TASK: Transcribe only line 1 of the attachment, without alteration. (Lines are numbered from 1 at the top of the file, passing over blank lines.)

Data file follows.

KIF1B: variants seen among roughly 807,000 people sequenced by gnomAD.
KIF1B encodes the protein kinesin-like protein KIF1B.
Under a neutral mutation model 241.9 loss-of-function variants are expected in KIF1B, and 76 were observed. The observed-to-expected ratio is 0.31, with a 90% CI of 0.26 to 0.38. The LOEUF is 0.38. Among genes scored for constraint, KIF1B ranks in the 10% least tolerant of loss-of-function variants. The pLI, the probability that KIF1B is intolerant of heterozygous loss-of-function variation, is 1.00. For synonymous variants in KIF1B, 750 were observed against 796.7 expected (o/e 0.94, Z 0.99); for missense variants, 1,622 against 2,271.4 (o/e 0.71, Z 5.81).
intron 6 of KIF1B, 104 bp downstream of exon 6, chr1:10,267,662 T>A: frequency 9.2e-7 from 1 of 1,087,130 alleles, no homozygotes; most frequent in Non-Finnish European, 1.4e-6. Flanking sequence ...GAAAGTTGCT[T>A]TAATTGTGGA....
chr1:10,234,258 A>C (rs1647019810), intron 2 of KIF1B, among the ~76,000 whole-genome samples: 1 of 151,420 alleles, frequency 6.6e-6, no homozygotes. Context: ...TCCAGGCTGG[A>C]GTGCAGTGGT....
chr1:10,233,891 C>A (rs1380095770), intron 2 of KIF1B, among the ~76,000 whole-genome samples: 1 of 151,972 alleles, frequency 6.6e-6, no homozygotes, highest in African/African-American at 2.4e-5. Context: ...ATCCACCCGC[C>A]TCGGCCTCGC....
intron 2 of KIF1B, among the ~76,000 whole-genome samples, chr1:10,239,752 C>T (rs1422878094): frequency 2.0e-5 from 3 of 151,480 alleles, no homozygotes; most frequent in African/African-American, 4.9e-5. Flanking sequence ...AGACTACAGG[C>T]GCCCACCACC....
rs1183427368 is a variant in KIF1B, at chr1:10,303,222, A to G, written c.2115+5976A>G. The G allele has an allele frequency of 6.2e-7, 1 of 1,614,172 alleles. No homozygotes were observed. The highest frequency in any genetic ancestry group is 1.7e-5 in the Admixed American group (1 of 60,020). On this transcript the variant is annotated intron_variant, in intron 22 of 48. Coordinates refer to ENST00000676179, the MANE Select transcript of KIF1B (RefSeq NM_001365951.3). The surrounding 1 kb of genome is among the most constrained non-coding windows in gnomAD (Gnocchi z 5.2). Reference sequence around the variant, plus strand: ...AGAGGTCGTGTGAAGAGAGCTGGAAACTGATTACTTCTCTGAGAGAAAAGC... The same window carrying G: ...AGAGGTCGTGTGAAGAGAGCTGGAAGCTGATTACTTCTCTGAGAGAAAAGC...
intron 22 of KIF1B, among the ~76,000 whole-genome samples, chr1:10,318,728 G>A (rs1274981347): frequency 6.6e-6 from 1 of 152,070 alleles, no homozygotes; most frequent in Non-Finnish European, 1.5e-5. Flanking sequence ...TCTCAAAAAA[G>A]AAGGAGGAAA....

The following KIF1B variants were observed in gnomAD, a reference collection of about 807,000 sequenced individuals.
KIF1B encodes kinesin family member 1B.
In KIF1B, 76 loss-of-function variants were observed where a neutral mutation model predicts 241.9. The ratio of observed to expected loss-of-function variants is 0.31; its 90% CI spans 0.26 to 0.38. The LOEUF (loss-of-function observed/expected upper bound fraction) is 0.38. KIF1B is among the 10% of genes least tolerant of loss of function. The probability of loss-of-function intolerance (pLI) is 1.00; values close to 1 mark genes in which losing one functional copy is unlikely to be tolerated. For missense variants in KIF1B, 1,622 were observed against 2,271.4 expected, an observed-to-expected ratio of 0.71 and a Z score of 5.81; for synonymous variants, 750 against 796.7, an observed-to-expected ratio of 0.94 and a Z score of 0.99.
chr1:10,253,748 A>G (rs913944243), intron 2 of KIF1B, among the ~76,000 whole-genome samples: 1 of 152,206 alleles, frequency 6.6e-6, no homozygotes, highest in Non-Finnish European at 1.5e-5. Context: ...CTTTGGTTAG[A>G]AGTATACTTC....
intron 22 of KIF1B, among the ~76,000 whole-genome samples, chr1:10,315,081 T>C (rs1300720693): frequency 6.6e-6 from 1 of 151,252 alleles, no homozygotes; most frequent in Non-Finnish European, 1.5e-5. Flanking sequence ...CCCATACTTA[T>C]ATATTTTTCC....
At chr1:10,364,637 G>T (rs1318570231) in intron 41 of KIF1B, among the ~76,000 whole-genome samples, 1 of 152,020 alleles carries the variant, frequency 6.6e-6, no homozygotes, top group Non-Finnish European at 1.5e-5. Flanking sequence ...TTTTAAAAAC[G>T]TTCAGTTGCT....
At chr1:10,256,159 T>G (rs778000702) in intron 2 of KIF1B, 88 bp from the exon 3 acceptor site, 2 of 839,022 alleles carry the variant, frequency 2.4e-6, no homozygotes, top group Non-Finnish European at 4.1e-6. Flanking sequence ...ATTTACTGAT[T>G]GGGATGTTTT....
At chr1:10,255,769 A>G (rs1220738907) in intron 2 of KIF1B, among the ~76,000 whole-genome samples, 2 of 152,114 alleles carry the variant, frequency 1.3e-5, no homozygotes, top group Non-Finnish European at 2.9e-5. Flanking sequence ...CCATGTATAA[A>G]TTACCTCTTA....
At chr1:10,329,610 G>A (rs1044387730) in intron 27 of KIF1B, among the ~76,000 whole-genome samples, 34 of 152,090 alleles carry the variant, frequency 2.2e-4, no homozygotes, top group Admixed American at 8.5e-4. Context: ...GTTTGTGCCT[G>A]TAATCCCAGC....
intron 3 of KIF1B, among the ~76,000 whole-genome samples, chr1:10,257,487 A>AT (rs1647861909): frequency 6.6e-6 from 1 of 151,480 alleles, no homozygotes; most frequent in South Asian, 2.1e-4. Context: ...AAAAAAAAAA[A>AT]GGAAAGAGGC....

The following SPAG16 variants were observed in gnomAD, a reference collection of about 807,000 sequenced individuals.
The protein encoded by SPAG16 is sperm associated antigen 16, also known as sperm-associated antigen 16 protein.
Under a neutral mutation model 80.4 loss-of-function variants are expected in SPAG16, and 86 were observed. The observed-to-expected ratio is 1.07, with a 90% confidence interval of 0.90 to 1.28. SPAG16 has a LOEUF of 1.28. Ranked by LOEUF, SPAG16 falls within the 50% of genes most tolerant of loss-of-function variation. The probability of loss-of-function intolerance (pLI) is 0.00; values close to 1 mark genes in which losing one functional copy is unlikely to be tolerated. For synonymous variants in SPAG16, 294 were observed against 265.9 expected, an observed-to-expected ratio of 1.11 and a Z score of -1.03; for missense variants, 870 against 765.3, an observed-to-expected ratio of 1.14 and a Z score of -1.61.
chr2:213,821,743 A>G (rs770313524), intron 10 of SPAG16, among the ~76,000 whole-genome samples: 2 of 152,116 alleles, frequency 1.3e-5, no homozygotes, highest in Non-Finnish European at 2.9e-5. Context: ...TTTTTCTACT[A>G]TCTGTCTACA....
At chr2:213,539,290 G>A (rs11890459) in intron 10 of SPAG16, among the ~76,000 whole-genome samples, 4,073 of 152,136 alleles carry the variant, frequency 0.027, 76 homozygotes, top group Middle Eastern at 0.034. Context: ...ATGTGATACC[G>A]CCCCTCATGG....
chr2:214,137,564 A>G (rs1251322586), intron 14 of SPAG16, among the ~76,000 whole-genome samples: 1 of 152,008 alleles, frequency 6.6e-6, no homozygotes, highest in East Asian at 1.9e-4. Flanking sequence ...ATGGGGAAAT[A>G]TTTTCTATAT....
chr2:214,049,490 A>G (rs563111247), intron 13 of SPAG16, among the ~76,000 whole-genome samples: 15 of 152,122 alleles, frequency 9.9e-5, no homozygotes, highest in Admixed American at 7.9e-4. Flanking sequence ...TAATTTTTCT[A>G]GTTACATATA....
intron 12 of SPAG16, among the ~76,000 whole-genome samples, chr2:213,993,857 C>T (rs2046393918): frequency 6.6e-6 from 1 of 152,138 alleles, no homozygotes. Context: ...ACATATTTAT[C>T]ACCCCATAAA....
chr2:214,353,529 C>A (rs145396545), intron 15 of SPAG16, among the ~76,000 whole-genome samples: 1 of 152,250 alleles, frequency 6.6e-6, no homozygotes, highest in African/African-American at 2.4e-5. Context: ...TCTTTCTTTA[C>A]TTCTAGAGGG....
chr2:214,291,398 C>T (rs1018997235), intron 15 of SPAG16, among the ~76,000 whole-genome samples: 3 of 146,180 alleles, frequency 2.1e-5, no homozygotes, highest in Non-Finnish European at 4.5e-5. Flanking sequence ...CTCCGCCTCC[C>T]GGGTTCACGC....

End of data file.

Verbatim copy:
KIF1B: variants seen among roughly 807,000 people sequenced by gnomAD.